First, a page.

Possible Itinerary In S Africa

Dec 28th, 2005, 09:45 PM
Original Poster
Join Date: Apr 2005
Posts: 12
Possible Itinerary In S Africa

Hi all -

I'm trying to plan an itinerary for South Africa from mid-August to early September 2006. I've done some initial research in guide books and on this board and would love to get people's comments - particularly in regards to my ideas on transportation. I've also tried to break up some of the wildlife viewing with Cape Town and snorkeling at Sodwana Bay, but I've read conflicting reports on wether it's even worth visiting Cape Town at this time of year.

Johannesburg (1 night to adjust) - maybe try to see De Wildt Cheetahs during the day?

Kgalagadi (4 nights through African Wildlife Tours - hopefully)
Cape Town (3 nights)
Fly to Durban and rent a car - is there a better way to do this transition?
Hluhluwe/Umfolozi (2 nights)
St Lucia (3 nights - include Sodwana Bay)
Ithala (1 night - driving up to Kruger - not sure how long this will take)
Kruger: Lower Sabie Camp (1 night)
Kruger: Letaba Camp (1 night)
Kruger: Wilderness Trail (3 nights)
Sabi Sands (2 nights at park yet to be determined)
Return car to Johannesburg and fly away

My husband really loves cheetahs and big cats, and I really want to go on one of the Kruger Wilderness Trails. Any comments would be outstanding. Thanks!
travelingtiger is offline  
Dec 29th, 2005, 01:50 AM
Join Date: Jan 2003
Posts: 9,220
St Lucia to Ithala is a long drive and Ithala to Kruger is longer still - we managed to do it one day by leaving Ithala early, skipping through Swaziland and booking into the southernmost Kruger camp, Berg-en-Dal.

Our trip report and itinerary for SA is here, if it's of interest:

Kavey is offline  
Dec 29th, 2005, 03:52 AM
Join Date: Dec 2005
Posts: 3
Dear Traveling Tiger,

Your itinerary looks very diverse and exciting! I am sure that you will have great fun with it. I have just a few comments on it that may help you:

Weather In Cape Town in August / September:
Cape Town has a Mediterranean climate and as such experiences much of its rainfall during its winter months. However the weather patterns have been changing so much recently that you can often experience great weather in August / September. An advantage of travelling to South Africa before the end of September is that many places offer special “winter” rates that are often much cheaper than those offered during the summer months. The average temperature in Cape Town during August/ September is around 18°C during the day and it generally gets dark at about 5.45pm.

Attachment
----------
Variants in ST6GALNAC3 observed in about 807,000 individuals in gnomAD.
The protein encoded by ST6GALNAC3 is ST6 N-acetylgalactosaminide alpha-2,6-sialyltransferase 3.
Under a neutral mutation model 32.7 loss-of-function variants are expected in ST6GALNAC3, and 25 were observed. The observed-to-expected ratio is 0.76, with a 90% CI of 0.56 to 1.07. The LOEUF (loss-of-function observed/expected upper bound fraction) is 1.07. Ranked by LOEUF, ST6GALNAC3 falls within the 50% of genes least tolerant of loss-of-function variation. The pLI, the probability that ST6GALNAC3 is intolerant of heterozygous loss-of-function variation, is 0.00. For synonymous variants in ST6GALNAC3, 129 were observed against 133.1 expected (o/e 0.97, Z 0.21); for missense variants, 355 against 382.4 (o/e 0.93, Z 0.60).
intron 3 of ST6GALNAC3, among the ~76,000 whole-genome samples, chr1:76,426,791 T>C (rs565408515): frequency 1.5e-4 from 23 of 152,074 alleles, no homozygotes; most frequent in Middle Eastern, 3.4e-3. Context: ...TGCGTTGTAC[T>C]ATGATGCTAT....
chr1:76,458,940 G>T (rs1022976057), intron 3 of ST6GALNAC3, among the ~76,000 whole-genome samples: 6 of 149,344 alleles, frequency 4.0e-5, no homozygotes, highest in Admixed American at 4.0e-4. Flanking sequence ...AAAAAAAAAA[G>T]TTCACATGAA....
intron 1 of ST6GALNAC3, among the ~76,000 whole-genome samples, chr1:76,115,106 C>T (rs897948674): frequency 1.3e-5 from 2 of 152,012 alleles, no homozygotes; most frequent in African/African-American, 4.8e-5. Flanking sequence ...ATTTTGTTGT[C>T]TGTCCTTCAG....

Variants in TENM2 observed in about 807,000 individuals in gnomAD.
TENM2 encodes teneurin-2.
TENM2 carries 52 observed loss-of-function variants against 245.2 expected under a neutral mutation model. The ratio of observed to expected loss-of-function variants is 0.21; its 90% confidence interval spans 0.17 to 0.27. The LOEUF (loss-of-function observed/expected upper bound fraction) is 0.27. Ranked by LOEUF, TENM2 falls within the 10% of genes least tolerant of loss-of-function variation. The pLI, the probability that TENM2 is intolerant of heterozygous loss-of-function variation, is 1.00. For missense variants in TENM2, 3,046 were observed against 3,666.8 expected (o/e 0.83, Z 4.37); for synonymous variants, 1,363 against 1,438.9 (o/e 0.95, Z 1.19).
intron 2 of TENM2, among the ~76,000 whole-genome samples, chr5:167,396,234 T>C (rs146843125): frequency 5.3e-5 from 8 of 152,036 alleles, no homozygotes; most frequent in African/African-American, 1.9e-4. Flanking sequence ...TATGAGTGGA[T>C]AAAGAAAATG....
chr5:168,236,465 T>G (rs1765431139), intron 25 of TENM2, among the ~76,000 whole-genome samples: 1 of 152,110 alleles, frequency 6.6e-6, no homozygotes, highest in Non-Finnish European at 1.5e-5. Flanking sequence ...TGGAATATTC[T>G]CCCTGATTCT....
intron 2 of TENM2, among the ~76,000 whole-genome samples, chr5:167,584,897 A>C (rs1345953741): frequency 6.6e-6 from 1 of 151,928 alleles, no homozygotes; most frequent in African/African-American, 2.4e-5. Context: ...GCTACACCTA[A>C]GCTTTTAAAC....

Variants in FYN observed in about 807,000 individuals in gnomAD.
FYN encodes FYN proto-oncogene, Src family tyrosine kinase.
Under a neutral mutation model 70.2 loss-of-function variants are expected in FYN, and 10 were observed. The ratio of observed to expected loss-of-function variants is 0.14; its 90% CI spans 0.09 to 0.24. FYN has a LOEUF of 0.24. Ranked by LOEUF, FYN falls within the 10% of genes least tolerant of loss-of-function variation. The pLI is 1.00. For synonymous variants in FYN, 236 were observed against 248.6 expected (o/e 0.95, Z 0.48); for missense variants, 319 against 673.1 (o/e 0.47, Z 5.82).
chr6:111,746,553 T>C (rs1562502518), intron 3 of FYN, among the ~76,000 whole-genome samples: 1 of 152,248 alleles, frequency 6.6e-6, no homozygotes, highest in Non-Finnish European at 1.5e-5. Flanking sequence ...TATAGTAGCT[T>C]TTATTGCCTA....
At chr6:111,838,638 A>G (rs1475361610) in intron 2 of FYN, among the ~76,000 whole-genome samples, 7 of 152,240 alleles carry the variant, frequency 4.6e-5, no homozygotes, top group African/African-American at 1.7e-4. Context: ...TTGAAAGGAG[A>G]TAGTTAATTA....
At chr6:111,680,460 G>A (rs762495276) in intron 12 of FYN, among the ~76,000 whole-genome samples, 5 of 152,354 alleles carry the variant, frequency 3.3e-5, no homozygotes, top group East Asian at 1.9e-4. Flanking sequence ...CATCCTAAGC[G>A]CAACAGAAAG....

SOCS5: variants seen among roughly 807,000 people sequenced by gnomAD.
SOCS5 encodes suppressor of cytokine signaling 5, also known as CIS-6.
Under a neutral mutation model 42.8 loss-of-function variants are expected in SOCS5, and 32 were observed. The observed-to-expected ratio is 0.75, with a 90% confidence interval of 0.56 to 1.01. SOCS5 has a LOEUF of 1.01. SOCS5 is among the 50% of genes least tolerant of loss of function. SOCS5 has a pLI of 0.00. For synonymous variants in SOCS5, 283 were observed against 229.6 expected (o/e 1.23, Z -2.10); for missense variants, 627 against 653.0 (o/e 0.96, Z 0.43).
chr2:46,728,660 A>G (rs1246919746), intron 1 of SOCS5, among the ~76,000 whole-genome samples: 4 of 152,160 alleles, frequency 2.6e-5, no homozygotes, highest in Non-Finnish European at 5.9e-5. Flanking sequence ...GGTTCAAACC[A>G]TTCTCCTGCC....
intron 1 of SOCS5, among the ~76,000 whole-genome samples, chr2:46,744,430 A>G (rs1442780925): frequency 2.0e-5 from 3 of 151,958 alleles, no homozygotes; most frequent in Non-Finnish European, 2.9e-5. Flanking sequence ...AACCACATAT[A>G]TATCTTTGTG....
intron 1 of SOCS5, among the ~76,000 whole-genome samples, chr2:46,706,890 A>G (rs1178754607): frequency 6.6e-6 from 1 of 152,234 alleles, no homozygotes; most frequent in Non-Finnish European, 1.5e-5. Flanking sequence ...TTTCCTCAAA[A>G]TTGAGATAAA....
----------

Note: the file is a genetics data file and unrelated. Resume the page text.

Game Viewing:

Kalagadi Transfrontier Park. This is the last of the unspoilt, wide-open spaces in Southern Africa. Remote, raw, wild! It has a unique and fascinating landscape that can not be found anywhere else. With its large sand dunes and miles of terracotta plains, it is truly awe-inspiring. This is the home of the Nama people – descendants of the original hunter/gatherer San people.
Animals to be seen here include: Kalahari Lions, Cheetah, Meercat, Gemsbok, Springbok and a host of other smaller predators.

Hluhluwe Umfolozi National Park is the oldest game reserve in South Africa and is one of the most popular. The wide range of plant life in the park gives rise to a diversity of mammals, birdlife, reptiles and amphibians. This area is completely different form the aridness of the Kalagadi as it is much more lush and tropical. Besides the big five - elephant, lion, leopard. buffalo and rhino, there are elusive cheetah, wild dog and nyala along with many other well-known bushveld species offering visitors an excellent game viewing experience.

St Lucia: